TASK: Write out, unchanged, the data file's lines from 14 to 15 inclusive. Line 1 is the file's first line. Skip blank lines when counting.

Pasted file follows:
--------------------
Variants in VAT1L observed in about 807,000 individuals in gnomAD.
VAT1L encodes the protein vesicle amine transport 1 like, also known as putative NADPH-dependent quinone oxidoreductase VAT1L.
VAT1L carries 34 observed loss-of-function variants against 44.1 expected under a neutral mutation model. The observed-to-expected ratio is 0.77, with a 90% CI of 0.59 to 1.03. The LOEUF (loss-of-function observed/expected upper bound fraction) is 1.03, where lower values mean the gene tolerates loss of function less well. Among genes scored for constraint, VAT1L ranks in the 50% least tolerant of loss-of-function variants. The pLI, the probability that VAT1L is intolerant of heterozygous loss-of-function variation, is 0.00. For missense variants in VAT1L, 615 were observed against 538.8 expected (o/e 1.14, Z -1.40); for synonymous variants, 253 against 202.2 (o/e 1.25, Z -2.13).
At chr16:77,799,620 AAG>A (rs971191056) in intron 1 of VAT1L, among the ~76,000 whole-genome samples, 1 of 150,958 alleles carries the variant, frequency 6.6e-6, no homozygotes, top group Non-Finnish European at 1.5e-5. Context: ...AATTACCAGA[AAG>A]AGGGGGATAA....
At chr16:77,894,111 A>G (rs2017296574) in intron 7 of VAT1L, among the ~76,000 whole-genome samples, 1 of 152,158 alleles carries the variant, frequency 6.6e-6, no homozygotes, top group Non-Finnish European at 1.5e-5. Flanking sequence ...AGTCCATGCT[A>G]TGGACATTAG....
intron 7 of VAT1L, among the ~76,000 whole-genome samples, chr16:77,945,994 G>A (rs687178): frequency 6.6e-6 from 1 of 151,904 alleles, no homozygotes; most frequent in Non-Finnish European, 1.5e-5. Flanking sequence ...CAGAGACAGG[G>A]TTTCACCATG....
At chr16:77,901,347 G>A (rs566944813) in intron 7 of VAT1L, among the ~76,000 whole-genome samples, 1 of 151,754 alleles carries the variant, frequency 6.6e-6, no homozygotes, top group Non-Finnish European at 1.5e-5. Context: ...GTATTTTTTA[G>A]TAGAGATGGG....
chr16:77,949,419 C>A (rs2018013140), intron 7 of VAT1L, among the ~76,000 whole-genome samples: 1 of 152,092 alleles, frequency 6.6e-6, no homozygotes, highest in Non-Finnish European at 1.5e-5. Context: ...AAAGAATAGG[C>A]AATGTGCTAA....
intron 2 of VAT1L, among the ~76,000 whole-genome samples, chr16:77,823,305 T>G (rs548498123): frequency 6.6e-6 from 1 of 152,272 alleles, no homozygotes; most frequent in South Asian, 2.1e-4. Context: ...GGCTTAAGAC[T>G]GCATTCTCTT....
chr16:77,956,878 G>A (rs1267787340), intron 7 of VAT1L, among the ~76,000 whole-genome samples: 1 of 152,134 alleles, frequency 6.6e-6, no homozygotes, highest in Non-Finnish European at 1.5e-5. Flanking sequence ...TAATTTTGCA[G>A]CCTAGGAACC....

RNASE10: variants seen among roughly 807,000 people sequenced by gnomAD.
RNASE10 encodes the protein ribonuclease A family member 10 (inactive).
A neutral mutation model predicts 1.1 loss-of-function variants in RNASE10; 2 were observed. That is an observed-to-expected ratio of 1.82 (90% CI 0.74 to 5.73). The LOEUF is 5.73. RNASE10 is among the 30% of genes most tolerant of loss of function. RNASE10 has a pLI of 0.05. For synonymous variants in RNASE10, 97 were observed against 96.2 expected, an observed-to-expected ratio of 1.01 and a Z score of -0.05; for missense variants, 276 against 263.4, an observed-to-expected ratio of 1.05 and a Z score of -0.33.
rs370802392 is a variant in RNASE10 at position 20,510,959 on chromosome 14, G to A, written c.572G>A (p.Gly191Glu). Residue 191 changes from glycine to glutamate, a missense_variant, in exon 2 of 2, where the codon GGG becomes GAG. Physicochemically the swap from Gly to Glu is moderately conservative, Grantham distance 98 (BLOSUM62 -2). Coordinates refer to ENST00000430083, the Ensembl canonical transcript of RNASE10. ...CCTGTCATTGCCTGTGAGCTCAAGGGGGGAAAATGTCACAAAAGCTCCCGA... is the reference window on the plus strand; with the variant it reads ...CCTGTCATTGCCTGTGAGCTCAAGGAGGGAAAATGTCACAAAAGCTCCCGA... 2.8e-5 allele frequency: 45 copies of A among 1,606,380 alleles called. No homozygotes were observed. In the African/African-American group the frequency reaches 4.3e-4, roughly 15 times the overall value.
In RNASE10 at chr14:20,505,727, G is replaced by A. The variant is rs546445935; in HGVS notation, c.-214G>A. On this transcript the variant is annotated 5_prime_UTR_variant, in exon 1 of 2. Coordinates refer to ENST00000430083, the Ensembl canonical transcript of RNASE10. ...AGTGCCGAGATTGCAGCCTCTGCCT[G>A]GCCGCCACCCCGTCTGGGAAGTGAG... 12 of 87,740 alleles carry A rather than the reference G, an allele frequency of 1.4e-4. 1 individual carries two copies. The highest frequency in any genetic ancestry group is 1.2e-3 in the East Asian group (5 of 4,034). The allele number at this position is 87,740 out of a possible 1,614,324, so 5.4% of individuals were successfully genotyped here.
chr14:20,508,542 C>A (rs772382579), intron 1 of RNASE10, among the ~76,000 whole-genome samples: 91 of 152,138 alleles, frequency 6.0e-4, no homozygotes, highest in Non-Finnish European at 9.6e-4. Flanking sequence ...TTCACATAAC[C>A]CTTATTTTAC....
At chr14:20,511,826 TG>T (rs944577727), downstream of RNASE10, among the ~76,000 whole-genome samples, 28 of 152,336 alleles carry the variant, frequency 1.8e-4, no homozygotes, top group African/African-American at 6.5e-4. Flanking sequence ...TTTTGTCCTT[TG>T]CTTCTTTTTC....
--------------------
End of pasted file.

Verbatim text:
rs370802392 is a variant in RNASE10 at position 20,510,959 on chromosome 14, G to A, written c.572G>A (p.Gly191Glu). Residue 191 changes from glycine to glutamate, a missense_variant, in exon 2 of 2, where the codon GGG becomes GAG. Physicochemically the swap from Gly to Glu is moderately conservative, Grantham distance 98 (BLOSUM62 -2). Coordinates refer to ENST00000430083, the Ensembl canonical transcript of RNASE10. ...CCTGTCATTGCCTGTGAGCTCAAGGGGGGAAAATGTCACAAAAGCTCCCGA... is the reference window on the plus strand; with the variant it reads ...CCTGTCATTGCCTGTGAGCTCAAGGAGGGAAAATGTCACAAAAGCTCCCGA... 2.8e-5 allele frequency: 45 copies of A among 1,606,380 alleles called. No homozygotes were observed. In the African/African-American group the frequency reaches 4.3e-4, roughly 15 times the overall value.
In RNASE10 at chr14:20,505,727, G is replaced by A. The variant is rs546445935; in HGVS notation, c.-214G>A. On this transcript the variant is annotated 5_prime_UTR_variant, in exon 1 of 2. Coordinates refer to ENST00000430083, the Ensembl canonical transcript of RNASE10. ...AGTGCCGAGATTGCAGCCTCTGCCT[G>A]GCCGCCACCCCGTCTGGGAAGTGAG... 12 of 87,740 alleles carry A rather than the reference G, an allele frequency of 1.4e-4. 1 individual carries two copies. The highest frequency in any genetic ancestry group is 1.2e-3 in the East Asian group (5 of 4,034). The allele number at this position is 87,740 out of a possible 1,614,324, so 5.4% of individuals were successfully genotyped here.